Understanding complex Earth systems: volatile metabolites as microbial ecosystem proxies and student conceptual model development of coastal eutrophication
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Understanding complex Earth systems is challenging for scientists and students alike, because of the characteristics (e.g. bifurcations, self-organization, chaotic response) that are associated with these systems. This research integrates two research strands which contribute to the scientific and pedagogical understanding of complex Earth systems. In the first strand, a method that characterizes volatile organic compounds (VOCs) as ecological proxies of soil microbial ecosystems was validated. Unlike other measures of microbial community structure (e.g. Biolog and FAME), VOCs are advantageous because they are non-destructive and can provide temporal and spatial data. Additionally they are rich sources of information that describe the microbial metabolism, community structure, and organic carbon substrates utilized by soil microorganisms. Statistical results indicate that the detected and identified VOCs were significant (p < 0.05) indicators of microbial community composition shift in soil microcosm studies. Geographical information systems (GIS) illustrates that VOCs varied with space and time in south Texas soils. The second strand focuses on a geoscience education study exploring student conceptual model development of complex Earth systems. The efficacy of multiple representations and inquiry was tested as the pedagogical strategy in upper and lower level undergraduate courses to support students’ conceptual model development of complex Earth systems. Comparisons in student performance were based on prior knowledge (low and high) and on exposure to the implemented pedagogy (control and experimental groups). Results indicate that an inquiry-based learning model coupled with the use of multiple representations had significant positive performance impacts on students’ conceptual model development and content knowledge. This dissertation model integrates science and education research and is particularly useful for graduate students who intend to pursue a career in academia and envision teaching as part of their professional duties. It allows for synergy between teaching and research to be achieved where the classroom becomes a laboratory for research. Ultimately, the research conducted in the classroom informs pedagogy and enhances scholarship. Graduates learn to bridge the gap between education and science departments where they become leaders in science who conduct cutting-edge scientific research and also value making a broader impact on society through enhancing public education.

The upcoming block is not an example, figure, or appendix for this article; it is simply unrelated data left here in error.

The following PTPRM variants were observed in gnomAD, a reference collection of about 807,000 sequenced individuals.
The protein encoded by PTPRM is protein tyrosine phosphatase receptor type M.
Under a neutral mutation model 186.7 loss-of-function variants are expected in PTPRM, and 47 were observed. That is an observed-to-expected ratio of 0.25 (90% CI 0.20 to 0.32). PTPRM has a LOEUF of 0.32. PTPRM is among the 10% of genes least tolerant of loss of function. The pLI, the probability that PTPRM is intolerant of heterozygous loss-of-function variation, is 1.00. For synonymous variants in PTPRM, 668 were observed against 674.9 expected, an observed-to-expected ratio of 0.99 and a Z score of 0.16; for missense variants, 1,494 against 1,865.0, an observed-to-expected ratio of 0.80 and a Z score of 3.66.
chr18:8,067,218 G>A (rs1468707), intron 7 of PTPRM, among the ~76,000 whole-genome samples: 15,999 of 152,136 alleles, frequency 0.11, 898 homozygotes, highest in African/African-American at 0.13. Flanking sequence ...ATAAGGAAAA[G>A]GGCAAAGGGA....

SubjectVolatile Organic Compounds
Spatial and Temporal Dynamics
Complex Earth Systems
Conceptual Model Development
McNeal, Karen Sue (2007). Understanding complex Earth systems: volatile metabolites as microbial ecosystem proxies and student conceptual model development of coastal eutrophication. Doctoral dissertation, Texas A&M University. Available electronically from